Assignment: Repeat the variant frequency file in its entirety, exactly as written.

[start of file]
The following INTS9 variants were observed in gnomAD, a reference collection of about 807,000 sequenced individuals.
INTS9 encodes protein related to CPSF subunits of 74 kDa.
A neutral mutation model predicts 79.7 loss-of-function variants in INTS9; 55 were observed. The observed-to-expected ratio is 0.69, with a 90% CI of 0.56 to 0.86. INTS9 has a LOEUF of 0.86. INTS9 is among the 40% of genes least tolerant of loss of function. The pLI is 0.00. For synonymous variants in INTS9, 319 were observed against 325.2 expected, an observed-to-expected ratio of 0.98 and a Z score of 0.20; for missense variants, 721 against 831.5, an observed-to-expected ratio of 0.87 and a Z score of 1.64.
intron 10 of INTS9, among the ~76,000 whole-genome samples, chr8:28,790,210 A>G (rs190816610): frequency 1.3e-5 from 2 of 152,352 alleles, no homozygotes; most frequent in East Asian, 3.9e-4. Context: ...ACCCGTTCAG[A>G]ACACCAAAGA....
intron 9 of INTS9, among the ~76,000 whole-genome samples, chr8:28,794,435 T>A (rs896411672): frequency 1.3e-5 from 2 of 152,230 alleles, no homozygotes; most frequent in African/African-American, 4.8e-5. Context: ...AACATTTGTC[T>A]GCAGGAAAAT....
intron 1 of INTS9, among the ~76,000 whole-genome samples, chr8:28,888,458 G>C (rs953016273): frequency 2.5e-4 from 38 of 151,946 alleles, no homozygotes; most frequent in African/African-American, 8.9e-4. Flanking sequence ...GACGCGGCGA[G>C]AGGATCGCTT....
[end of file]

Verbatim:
The following INTS9 variants were observed in gnomAD, a reference collection of about 807,000 sequenced individuals.
INTS9 encodes protein related to CPSF subunits of 74 kDa.
A neutral mutation model predicts 79.7 loss-of-function variants in INTS9; 55 were observed. The observed-to-expected ratio is 0.69, with a 90% CI of 0.56 to 0.86. INTS9 has a LOEUF of 0.86. INTS9 is among the 40% of genes least tolerant of loss of function. The pLI is 0.00. For synonymous variants in INTS9, 319 were observed against 325.2 expected, an observed-to-expected ratio of 0.98 and a Z score of 0.20; for missense variants, 721 against 831.5, an observed-to-expected ratio of 0.87 and a Z score of 1.64.
intron 10 of INTS9, among the ~76,000 whole-genome samples, chr8:28,790,210 A>G (rs190816610): frequency 1.3e-5 from 2 of 152,352 alleles, no homozygotes; most frequent in East Asian, 3.9e-4. Context: ...ACCCGTTCAG[A>G]ACACCAAAGA....
intron 9 of INTS9, among the ~76,000 whole-genome samples, chr8:28,794,435 T>A (rs896411672): frequency 1.3e-5 from 2 of 152,230 alleles, no homozygotes; most frequent in African/African-American, 4.8e-5. Context: ...AACATTTGTC[T>A]GCAGGAAAAT....
intron 1 of INTS9, among the ~76,000 whole-genome samples, chr8:28,888,458 G>C (rs953016273): frequency 2.5e-4 from 38 of 151,946 alleles, no homozygotes; most frequent in African/African-American, 8.9e-4. Flanking sequence ...GACGCGGCGA[G>C]AGGATCGCTT....